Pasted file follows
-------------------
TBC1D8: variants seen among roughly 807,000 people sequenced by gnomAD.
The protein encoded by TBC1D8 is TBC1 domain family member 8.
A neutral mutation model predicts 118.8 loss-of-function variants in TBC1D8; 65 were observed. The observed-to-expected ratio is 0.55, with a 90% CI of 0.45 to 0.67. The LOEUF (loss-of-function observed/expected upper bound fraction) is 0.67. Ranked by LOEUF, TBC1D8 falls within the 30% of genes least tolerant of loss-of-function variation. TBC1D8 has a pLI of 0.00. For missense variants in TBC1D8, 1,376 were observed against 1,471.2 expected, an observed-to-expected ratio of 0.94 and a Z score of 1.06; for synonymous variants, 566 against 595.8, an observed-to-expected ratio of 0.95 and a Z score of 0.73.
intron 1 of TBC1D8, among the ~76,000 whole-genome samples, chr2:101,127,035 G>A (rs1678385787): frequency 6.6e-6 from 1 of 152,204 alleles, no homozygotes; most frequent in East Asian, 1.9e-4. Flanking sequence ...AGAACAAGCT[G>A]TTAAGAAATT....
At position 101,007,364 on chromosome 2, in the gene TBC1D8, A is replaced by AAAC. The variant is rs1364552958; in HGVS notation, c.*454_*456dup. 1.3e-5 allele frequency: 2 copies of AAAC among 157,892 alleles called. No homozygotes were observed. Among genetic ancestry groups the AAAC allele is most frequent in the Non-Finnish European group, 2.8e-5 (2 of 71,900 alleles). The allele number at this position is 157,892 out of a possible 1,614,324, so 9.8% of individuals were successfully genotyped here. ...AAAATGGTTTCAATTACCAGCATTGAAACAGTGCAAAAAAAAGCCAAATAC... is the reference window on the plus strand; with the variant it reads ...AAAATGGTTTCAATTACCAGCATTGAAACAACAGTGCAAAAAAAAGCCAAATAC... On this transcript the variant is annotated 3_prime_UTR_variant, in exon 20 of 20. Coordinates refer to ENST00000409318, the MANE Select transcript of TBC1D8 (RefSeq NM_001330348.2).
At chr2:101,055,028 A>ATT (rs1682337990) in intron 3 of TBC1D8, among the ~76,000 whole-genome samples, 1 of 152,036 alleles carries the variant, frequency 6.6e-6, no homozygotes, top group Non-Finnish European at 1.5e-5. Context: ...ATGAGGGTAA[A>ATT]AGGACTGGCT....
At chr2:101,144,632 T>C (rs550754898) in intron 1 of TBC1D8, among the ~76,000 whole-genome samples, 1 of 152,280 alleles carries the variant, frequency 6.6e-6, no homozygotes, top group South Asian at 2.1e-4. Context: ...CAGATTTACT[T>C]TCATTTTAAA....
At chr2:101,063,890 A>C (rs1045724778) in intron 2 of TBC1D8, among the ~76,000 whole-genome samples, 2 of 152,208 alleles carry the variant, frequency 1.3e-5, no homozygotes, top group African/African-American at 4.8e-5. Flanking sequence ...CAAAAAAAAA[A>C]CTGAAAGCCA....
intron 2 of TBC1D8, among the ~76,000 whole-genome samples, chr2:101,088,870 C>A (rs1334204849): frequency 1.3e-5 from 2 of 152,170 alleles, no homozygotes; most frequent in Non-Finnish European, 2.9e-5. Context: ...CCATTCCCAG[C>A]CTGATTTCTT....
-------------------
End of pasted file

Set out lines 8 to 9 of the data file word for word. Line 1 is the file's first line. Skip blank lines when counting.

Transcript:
At chr2:101,063,890 A>C (rs1045724778) in intron 2 of TBC1D8, among the ~76,000 whole-genome samples, 2 of 152,208 alleles carry the variant, frequency 1.3e-5, no homozygotes, top group African/African-American at 4.8e-5. Flanking sequence ...CAAAAAAAAA[A>C]CTGAAAGCCA....
intron 2 of TBC1D8, among the ~76,000 whole-genome samples, chr2:101,088,870 C>A (rs1334204849): frequency 1.3e-5 from 2 of 152,170 alleles, no homozygotes; most frequent in Non-Finnish European, 2.9e-5. Context: ...CCATTCCCAG[C>A]CTGATTTCTT....